Ludwig

Credits

Designer(s)
Fred Smeijers
Foundry(ies)
OurType
Release Year
2009
Country of Origin
Netherlands
Classification
Sans Serif, Grotesque
Original Format
Digital
Distributor(s)
OurType, FontShop
Tags
clumsy, early grotesque, sans serif

Background

Fred Smeijers’ latest creation is already raising eyebrows among the internet typorati, whose contemporary eyes are more accustomed to polished sans serifs. Purposely adopting the blunt and inelegant forms of early German grotesques, Smeijers seems to nod to the past while he winks at those modern designers who truly appreciate it.

While Ludwig is based on grots of the 1800s, it is not a mere revival. It embodies Smeijers personal vision of how an early 19th-century sanserif design might look and perform today. While Ludwig᾿s roman shapes are rooted in antique material, its italic is more contemporary in approach. Much like his FF Quadraat, “Ludwig charms simply by being there, without looking too smooth and beautiful,” says Smeijers. His words are proven by the cover of the book Elmgreen & Dragset and Hyphen Music’s album sleeves (shown below).

Along with its glyphs that echo typical 19th century letterforms “ like the capital G, for instance •€” Ludwig includes alternates for G, Q, W, a and g, plus a large variety of ligatures and other fine typographic features necessary for present-day use.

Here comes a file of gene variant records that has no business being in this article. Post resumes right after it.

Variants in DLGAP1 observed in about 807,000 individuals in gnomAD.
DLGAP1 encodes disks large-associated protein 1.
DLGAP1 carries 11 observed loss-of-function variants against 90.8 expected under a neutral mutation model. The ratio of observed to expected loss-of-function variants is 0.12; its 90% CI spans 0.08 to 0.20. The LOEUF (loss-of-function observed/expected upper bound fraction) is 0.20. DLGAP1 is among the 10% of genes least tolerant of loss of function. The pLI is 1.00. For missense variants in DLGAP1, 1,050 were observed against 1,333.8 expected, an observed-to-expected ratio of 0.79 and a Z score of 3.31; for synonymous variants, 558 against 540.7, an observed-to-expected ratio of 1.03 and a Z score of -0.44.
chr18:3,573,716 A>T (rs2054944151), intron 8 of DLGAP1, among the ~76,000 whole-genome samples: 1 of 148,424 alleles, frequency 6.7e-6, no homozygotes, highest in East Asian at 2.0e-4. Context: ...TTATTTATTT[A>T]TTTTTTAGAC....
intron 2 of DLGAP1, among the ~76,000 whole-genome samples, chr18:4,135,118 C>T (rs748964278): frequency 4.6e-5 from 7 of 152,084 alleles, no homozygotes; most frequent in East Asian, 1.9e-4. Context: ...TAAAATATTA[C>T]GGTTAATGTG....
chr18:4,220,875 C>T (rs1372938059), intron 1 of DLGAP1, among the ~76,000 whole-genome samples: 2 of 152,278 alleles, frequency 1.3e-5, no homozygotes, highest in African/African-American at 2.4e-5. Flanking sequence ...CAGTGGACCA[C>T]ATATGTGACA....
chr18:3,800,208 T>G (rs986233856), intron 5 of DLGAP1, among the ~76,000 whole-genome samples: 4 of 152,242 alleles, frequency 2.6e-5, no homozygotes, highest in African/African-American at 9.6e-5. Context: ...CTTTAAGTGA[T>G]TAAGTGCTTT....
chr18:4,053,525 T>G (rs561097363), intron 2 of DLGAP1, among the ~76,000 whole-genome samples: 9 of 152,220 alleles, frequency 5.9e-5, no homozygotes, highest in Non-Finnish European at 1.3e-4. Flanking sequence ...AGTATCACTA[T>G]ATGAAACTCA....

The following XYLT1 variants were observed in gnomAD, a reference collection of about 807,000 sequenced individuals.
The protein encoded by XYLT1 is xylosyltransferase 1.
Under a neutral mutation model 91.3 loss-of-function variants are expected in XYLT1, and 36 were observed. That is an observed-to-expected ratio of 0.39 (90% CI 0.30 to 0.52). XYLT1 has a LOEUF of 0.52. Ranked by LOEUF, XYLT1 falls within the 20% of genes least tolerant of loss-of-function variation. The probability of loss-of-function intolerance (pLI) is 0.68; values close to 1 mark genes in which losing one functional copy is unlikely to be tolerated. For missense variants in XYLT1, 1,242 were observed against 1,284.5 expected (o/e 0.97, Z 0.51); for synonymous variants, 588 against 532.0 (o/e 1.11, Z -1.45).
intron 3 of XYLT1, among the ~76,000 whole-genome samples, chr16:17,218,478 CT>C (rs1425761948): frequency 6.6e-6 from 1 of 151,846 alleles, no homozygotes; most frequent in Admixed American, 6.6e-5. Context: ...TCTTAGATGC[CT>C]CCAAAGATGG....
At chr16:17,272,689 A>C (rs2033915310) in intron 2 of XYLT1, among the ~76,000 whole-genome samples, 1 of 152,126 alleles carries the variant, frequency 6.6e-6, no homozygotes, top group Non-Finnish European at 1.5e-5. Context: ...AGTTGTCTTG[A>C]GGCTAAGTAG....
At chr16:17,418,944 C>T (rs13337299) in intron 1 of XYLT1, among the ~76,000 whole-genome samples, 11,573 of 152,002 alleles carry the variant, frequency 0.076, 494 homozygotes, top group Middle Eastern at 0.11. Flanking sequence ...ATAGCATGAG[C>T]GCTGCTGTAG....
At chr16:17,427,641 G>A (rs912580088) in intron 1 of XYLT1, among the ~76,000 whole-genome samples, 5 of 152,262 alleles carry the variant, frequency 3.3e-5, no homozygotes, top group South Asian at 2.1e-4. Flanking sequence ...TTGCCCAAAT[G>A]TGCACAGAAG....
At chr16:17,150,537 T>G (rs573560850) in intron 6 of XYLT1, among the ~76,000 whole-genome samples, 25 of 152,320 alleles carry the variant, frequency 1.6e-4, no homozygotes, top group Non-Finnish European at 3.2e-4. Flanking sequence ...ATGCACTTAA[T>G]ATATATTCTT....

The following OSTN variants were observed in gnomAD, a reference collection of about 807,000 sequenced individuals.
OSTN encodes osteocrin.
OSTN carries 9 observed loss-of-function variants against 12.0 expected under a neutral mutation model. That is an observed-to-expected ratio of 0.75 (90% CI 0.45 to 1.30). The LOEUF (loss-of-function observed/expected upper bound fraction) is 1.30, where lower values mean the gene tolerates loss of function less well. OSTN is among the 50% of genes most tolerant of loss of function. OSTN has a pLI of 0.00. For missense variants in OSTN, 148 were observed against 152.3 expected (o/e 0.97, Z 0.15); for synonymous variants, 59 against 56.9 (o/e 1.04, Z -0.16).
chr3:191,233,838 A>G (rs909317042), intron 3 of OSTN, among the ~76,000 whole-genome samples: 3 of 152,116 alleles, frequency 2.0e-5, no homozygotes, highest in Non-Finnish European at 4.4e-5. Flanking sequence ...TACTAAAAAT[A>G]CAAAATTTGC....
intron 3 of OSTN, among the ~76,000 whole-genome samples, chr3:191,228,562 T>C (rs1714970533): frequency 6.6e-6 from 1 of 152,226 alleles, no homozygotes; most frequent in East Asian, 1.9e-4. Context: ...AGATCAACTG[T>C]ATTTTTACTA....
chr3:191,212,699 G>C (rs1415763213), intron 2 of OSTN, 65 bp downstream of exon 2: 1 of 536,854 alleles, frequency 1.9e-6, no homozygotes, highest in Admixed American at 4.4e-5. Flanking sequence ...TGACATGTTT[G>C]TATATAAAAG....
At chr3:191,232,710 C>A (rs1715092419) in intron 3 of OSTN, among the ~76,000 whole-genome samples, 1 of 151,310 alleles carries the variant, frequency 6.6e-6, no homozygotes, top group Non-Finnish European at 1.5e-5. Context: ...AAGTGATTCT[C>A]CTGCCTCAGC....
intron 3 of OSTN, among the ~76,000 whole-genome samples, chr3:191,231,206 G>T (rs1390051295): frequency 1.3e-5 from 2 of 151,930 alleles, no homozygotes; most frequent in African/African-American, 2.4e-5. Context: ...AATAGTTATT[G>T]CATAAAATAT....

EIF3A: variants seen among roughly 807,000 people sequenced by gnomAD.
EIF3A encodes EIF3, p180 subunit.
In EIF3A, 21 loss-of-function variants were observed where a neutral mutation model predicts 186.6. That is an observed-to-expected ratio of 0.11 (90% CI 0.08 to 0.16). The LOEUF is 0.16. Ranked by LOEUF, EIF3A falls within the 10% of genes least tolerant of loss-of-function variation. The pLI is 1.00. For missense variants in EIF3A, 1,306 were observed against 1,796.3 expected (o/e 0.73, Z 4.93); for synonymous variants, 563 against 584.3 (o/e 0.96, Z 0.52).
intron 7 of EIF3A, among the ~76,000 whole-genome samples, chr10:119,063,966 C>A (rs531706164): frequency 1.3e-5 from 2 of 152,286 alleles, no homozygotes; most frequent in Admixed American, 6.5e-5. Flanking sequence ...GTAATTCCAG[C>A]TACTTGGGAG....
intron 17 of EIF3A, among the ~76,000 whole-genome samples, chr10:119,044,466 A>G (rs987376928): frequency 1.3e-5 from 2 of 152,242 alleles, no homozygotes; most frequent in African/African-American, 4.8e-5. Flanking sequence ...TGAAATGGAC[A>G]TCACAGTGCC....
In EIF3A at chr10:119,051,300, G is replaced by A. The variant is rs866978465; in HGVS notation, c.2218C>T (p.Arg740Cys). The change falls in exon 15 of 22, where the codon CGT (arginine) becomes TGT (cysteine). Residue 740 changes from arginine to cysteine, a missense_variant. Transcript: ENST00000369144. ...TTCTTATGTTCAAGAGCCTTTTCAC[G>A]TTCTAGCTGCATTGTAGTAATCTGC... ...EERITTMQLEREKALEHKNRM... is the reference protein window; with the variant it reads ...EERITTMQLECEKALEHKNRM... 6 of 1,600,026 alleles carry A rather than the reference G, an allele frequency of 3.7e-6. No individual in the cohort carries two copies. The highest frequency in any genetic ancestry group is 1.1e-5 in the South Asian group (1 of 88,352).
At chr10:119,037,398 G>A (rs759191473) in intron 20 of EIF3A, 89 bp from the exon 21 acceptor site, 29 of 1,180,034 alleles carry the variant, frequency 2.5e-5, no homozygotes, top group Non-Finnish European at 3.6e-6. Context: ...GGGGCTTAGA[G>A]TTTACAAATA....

Ludwig’s other significant feature is that it’s been designed as a companion to Arnhem. Both families have the same x-height, cap-height, ascender-height, and descender-depth proportions, and while Ludwig offers more weights, most are shared with Arnhem.

To the Standard version, Ludwig Pro adds small caps; lining, old style and small cap figures (each in tabular and proportional widths); fractions; comprehensive scientific superiors and inferiors, nominators and denominators; case sensitive punctuation sets; mathematical and monetary symbols (in tabular and proportional widths); arrows; standard and discretionary ligatures; and support for all (Latin script based) Western, Central and East European languages.

Listing Info

Stephen Coles’s avatar

Last edited by Stephen Coles on August 28, 2009, 07:46am EST

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